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Overcrowding, lac8k8 apps downloadk of exits lead to stampede

墨雨云间开播 | 8k8 apps download | Updated: 2024-07-13 08:10:12

People carry a woman on a stretcher outside the Sikandrarao Hospital in Hathras district, Uttar Pradesh state, India, on Tuesday. MANOJ ALIGADI/ASSOCIATED PRESS

Severe overcrowding and a lack of exits contributed to the stampede at a religious function in northern India, authorities said on Wednesday, leaving at least 121 people dead as the faithful surged toward the preacher to touch him and chaos ensued.

A police report said more than 250,000 people attended the event, more than triple the 80,000 for whom organizers had taken permission. It was not clear how many made it inside the giant tent set up in a muddy field in a village in Hathras district in Uttar Pradesh state, about 200 kilometers southeast of New Delhi.

Chinese Ambassador to India Xu Feihong mourned the victims on Tuesday, expressing condolences to their families.

"Shocked and saddened about the tragic events in Hathras, UP," Xu wrote on X soon after the tragedy on Tuesday.

"Deeply mourn for the lives lost and extend heartfelt sympathies to victims' families. Wish the injured a speedy recovery."

Both President Droupadi Murmu and Prime Minister Narendra Modi expressed their condolences to the bereaved families.

Among the 121 dead were 112 women and seven children, while 31 were injured, according to the state authorities.

"Local district administration is working on a war footing with ongoing efforts to recover and assist the injured," Brajesh Pathak, health minister of Uttar Pradesh, said, adding the administration is investigating the matter.

The state's Chief Minister Yogi Adityanath told reporters that a crowd rushed toward the preacher, a Hindu guru known locally as Bhole Baba, to touch him as he was descending from the stage, and volunteers struggled to intervene.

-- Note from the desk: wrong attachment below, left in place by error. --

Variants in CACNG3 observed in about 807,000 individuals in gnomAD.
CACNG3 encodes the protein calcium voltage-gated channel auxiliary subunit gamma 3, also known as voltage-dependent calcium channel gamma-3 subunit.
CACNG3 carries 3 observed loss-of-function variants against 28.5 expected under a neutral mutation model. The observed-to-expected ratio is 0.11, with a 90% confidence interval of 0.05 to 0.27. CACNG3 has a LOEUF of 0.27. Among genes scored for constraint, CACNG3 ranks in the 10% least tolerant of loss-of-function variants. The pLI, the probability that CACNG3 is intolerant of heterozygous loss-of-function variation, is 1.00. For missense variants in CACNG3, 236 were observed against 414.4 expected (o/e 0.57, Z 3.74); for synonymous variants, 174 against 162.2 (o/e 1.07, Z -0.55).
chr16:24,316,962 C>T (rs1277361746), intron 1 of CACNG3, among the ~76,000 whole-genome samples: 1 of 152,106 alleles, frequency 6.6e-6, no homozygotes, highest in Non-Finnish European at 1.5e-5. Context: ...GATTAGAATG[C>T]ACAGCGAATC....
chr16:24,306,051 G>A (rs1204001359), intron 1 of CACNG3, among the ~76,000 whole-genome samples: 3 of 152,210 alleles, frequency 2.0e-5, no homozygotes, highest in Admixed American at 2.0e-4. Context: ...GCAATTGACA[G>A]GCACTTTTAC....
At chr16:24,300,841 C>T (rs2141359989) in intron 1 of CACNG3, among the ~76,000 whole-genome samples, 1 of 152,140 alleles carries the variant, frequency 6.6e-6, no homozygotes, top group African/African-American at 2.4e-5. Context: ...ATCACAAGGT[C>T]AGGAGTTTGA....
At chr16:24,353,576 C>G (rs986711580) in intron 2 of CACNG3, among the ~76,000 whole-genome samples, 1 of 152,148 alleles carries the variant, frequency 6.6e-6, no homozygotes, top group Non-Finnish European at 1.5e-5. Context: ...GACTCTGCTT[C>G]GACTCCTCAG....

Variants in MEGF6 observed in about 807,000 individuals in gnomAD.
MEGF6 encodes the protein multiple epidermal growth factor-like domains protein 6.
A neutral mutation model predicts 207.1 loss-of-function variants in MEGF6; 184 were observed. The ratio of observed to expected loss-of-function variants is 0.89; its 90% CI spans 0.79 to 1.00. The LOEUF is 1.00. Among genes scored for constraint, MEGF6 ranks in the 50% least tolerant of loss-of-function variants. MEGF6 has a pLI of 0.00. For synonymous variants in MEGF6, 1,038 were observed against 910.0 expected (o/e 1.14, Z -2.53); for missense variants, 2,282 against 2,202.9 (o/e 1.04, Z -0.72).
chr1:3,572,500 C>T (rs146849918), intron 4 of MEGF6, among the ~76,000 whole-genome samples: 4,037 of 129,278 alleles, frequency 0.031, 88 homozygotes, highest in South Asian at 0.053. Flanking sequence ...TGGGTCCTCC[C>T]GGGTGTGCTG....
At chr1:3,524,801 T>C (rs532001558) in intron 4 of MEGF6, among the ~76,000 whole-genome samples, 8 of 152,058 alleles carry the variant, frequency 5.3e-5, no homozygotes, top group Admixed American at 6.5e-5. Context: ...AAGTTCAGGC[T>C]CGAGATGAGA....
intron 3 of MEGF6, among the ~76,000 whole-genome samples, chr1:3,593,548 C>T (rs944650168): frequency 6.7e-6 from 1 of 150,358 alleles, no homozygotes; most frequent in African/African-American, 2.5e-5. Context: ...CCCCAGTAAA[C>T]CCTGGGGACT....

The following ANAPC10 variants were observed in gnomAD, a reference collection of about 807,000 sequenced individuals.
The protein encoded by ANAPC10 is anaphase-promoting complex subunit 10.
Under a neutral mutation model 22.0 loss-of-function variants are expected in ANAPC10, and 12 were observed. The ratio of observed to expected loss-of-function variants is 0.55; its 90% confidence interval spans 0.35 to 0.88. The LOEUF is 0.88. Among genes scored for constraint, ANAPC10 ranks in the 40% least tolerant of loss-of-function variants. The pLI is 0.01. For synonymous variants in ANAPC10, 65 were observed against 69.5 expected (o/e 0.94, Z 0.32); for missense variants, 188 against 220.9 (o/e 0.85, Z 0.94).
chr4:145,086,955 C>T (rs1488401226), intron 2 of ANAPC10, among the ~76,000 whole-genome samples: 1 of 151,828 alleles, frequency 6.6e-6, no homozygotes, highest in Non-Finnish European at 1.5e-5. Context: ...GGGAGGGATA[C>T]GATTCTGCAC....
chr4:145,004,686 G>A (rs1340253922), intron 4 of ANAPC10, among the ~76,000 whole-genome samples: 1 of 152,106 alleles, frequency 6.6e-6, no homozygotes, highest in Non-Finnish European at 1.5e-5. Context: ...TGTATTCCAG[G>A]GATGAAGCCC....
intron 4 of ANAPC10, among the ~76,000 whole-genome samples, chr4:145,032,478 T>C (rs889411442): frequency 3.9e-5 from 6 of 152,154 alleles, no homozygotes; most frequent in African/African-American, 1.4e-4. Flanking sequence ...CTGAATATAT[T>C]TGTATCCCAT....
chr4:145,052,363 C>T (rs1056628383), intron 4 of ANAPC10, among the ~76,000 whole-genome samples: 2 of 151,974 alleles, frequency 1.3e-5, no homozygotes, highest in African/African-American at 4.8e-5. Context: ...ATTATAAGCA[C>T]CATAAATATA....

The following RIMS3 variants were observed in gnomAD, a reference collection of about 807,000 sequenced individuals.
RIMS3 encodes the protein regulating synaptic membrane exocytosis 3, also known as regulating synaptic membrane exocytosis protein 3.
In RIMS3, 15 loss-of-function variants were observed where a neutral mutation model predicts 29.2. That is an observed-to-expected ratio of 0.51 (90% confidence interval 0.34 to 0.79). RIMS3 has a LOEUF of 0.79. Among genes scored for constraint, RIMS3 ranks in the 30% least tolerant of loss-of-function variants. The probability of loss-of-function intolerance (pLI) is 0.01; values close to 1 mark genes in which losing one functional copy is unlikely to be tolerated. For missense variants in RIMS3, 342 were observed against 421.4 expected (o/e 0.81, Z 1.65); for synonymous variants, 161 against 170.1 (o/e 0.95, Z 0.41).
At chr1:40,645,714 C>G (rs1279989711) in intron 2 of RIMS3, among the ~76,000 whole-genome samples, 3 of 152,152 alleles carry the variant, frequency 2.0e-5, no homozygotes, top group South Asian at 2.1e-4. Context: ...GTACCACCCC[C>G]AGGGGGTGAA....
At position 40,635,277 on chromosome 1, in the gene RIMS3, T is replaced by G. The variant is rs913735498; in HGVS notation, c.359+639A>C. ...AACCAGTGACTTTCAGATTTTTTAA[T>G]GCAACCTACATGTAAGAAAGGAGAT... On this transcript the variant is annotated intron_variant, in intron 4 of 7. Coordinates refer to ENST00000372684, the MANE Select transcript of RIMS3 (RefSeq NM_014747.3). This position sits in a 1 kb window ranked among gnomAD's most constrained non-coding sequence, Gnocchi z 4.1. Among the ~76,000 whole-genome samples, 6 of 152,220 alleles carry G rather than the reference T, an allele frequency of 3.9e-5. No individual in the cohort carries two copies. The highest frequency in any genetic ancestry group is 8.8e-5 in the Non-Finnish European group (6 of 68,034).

After the sermon, the preacher was leaving in his car, while devotees started collecting dust and soil from the path of the vehicle, resulting in some people getting crushed in the water and mud nearby.

People fell on top of each other as they tumbled down a slope into a waterlogged ditch, according to witnesses.

The preacher's security personnel pushed the crowd back, causing more people to fall, according to officials.

Police officer Sheela Maurya, who was on duty on Tuesday, told reporters, "The entire crowd, including women and children, all tried to leave the site at once."

'Horrifying' scenes

Ajay Kumar from Aligarh city in the state, who attended the event, said the scenes were horrifying beyond belief.

"After the event, everyone wanted to exit the event suddenly and quickly, resulting in a stampede," Kumar said.

Among the dead was Ruby, 30, who had traveled more than 300 kilometers to attend the event, along with her father, Chedilal.

"I heard terrifying screams from women and there were bodies piled up on the ground near the exit," Chedilal told Reuters.

"I was scared, I ran away and started calling my daughter on the phone."

After an agonizing night of hospital visits to locate his daughter, Chedilal said he finally found her body at the Hathras district hospital in the morning.

Adityanath was in Hathras, meeting those injured in the stampede. "Instructions have been given to the concerned officials to conduct relief and rescue operations … and to provide proper treatment to the injured," Adityanath wrote on X.

He has announced compensation of about $2,400 for the bereaved families and $600 for each person injured.

Manoj Kumar, 73, a farmer, said he was searching for his daughter-in-law, who came to attend the function and went missing after the stampede.

"We have not been able to find her anywhere," Kumar said, adding he had spent the entire night visiting all the local hospitals.

Manoj Kumar Jha, a member of the Indian Parliament, said both the state and federal governments "have failed to develop a sensitive approach toward crowd management".

"As a nation we are good at drawing crowds, but not good at managing them," Jha said.

Experts said the event violated safety norms.

"The function was held in a makeshift tent without ensuring multiple exit routes," Sanjay Srivastava, a disaster management expert, said.

A day after the stampede, waste littered the spot, partly inundated by rainfall. Some bamboo poles and a banner plastered with a picture of the preacher offered mute evidence of the tragedy.

Deadly crushes are relatively common at political gatherings and religious events in India, but Tuesday's is one of the worst stampedes in recent times.

In 2013, pilgrims visiting a temple for a popular Hindu festival in central Madhya Pradesh state trampled one another amid fears that a bridge would collapse. At least 115 were crushed to death or died in the river.

In 2011, more than 100 people died in a crush at a religious festival in the southern state of Kerala.

Agencies and Xinhua contributed to this story.

The writer is a freelance journalist for China Daily.

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